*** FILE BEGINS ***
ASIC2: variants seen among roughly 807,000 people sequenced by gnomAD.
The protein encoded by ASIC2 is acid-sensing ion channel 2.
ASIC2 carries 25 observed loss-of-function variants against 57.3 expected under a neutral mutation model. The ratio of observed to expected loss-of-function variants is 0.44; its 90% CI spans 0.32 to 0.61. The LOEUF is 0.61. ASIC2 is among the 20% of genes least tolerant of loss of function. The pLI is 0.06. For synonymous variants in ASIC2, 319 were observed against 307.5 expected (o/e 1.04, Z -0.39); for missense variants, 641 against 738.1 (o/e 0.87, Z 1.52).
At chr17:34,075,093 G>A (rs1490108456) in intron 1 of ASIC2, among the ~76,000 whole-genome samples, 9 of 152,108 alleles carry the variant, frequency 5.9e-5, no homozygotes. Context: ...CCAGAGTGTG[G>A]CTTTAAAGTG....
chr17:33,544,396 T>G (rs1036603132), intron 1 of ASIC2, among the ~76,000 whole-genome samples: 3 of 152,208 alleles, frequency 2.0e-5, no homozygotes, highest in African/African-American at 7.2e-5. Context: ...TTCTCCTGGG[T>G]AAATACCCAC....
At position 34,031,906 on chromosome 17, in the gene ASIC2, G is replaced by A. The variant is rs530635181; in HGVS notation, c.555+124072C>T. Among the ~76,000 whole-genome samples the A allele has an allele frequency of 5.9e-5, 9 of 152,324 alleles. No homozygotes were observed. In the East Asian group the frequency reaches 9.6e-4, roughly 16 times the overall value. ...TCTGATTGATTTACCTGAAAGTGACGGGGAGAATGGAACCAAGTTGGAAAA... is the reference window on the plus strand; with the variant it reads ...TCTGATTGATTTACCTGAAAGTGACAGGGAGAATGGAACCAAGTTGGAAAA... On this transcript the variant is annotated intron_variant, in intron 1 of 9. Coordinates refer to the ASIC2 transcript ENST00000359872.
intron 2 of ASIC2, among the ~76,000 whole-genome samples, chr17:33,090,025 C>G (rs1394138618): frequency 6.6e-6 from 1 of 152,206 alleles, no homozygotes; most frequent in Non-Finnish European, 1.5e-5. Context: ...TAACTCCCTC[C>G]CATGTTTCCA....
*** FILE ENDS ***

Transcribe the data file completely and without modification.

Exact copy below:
ASIC2: variants seen among roughly 807,000 people sequenced by gnomAD.
The protein encoded by ASIC2 is acid-sensing ion channel 2.
ASIC2 carries 25 observed loss-of-function variants against 57.3 expected under a neutral mutation model. The ratio of observed to expected loss-of-function variants is 0.44; its 90% CI spans 0.32 to 0.61. The LOEUF is 0.61. ASIC2 is among the 20% of genes least tolerant of loss of function. The pLI is 0.06. For synonymous variants in ASIC2, 319 were observed against 307.5 expected (o/e 1.04, Z -0.39); for missense variants, 641 against 738.1 (o/e 0.87, Z 1.52).
At chr17:34,075,093 G>A (rs1490108456) in intron 1 of ASIC2, among the ~76,000 whole-genome samples, 9 of 152,108 alleles carry the variant, frequency 5.9e-5, no homozygotes. Context: ...CCAGAGTGTG[G>A]CTTTAAAGTG....
chr17:33,544,396 T>G (rs1036603132), intron 1 of ASIC2, among the ~76,000 whole-genome samples: 3 of 152,208 alleles, frequency 2.0e-5, no homozygotes, highest in African/African-American at 7.2e-5. Context: ...TTCTCCTGGG[T>G]AAATACCCAC....
At position 34,031,906 on chromosome 17, in the gene ASIC2, G is replaced by A. The variant is rs530635181; in HGVS notation, c.555+124072C>T. Among the ~76,000 whole-genome samples the A allele has an allele frequency of 5.9e-5, 9 of 152,324 alleles. No homozygotes were observed. In the East Asian group the frequency reaches 9.6e-4, roughly 16 times the overall value. ...TCTGATTGATTTACCTGAAAGTGACGGGGAGAATGGAACCAAGTTGGAAAA... is the reference window on the plus strand; with the variant it reads ...TCTGATTGATTTACCTGAAAGTGACAGGGAGAATGGAACCAAGTTGGAAAA... On this transcript the variant is annotated intron_variant, in intron 1 of 9. Coordinates refer to the ASIC2 transcript ENST00000359872.
intron 2 of ASIC2, among the ~76,000 whole-genome samples, chr17:33,090,025 C>G (rs1394138618): frequency 6.6e-6 from 1 of 152,206 alleles, no homozygotes; most frequent in Non-Finnish European, 1.5e-5. Context: ...TAACTCCCTC[C>G]CATGTTTCCA....